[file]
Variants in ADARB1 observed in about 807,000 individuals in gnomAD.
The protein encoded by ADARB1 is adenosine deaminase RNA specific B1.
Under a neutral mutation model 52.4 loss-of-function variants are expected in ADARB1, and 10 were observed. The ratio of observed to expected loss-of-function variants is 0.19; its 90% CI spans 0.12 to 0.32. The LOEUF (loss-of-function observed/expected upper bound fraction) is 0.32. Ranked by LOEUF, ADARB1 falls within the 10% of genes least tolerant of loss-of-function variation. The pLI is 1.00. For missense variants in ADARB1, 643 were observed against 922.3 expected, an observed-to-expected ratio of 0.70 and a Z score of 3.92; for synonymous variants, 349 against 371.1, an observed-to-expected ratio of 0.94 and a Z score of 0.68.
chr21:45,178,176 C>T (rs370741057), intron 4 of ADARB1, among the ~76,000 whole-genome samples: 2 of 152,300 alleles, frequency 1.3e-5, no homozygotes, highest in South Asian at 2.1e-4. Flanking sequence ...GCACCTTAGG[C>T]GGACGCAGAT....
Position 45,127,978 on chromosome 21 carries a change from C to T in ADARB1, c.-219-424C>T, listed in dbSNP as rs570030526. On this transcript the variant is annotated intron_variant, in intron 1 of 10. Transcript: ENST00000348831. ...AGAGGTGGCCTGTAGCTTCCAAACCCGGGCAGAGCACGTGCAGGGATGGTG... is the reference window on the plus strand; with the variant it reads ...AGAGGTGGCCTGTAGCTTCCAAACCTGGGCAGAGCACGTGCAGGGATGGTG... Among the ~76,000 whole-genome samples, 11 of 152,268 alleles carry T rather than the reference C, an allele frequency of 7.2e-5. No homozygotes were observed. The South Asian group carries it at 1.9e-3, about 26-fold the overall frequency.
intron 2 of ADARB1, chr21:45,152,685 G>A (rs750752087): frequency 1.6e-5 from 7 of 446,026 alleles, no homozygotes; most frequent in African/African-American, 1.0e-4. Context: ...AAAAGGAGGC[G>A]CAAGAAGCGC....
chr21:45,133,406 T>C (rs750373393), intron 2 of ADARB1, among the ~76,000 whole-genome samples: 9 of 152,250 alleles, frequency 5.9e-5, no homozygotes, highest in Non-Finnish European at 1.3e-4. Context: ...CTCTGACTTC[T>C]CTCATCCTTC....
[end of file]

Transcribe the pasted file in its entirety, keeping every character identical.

Variants in ADARB1 observed in about 807,000 individuals in gnomAD.
The protein encoded by ADARB1 is adenosine deaminase RNA specific B1.
Under a neutral mutation model 52.4 loss-of-function variants are expected in ADARB1, and 10 were observed. The ratio of observed to expected loss-of-function variants is 0.19; its 90% CI spans 0.12 to 0.32. The LOEUF (loss-of-function observed/expected upper bound fraction) is 0.32. Ranked by LOEUF, ADARB1 falls within the 10% of genes least tolerant of loss-of-function variation. The pLI is 1.00. For missense variants in ADARB1, 643 were observed against 922.3 expected, an observed-to-expected ratio of 0.70 and a Z score of 3.92; for synonymous variants, 349 against 371.1, an observed-to-expected ratio of 0.94 and a Z score of 0.68.
chr21:45,178,176 C>T (rs370741057), intron 4 of ADARB1, among the ~76,000 whole-genome samples: 2 of 152,300 alleles, frequency 1.3e-5, no homozygotes, highest in South Asian at 2.1e-4. Flanking sequence ...GCACCTTAGG[C>T]GGACGCAGAT....
Position 45,127,978 on chromosome 21 carries a change from C to T in ADARB1, c.-219-424C>T, listed in dbSNP as rs570030526. On this transcript the variant is annotated intron_variant, in intron 1 of 10. Transcript: ENST00000348831. ...AGAGGTGGCCTGTAGCTTCCAAACCCGGGCAGAGCACGTGCAGGGATGGTG... is the reference window on the plus strand; with the variant it reads ...AGAGGTGGCCTGTAGCTTCCAAACCTGGGCAGAGCACGTGCAGGGATGGTG... Among the ~76,000 whole-genome samples, 11 of 152,268 alleles carry T rather than the reference C, an allele frequency of 7.2e-5. No homozygotes were observed. The South Asian group carries it at 1.9e-3, about 26-fold the overall frequency.
intron 2 of ADARB1, chr21:45,152,685 G>A (rs750752087): frequency 1.6e-5 from 7 of 446,026 alleles, no homozygotes; most frequent in African/African-American, 1.0e-4. Context: ...AAAAGGAGGC[G>A]CAAGAAGCGC....
chr21:45,133,406 T>C (rs750373393), intron 2 of ADARB1, among the ~76,000 whole-genome samples: 9 of 152,250 alleles, frequency 5.9e-5, no homozygotes, highest in Non-Finnish European at 1.3e-4. Context: ...CTCTGACTTC[T>C]CTCATCCTTC....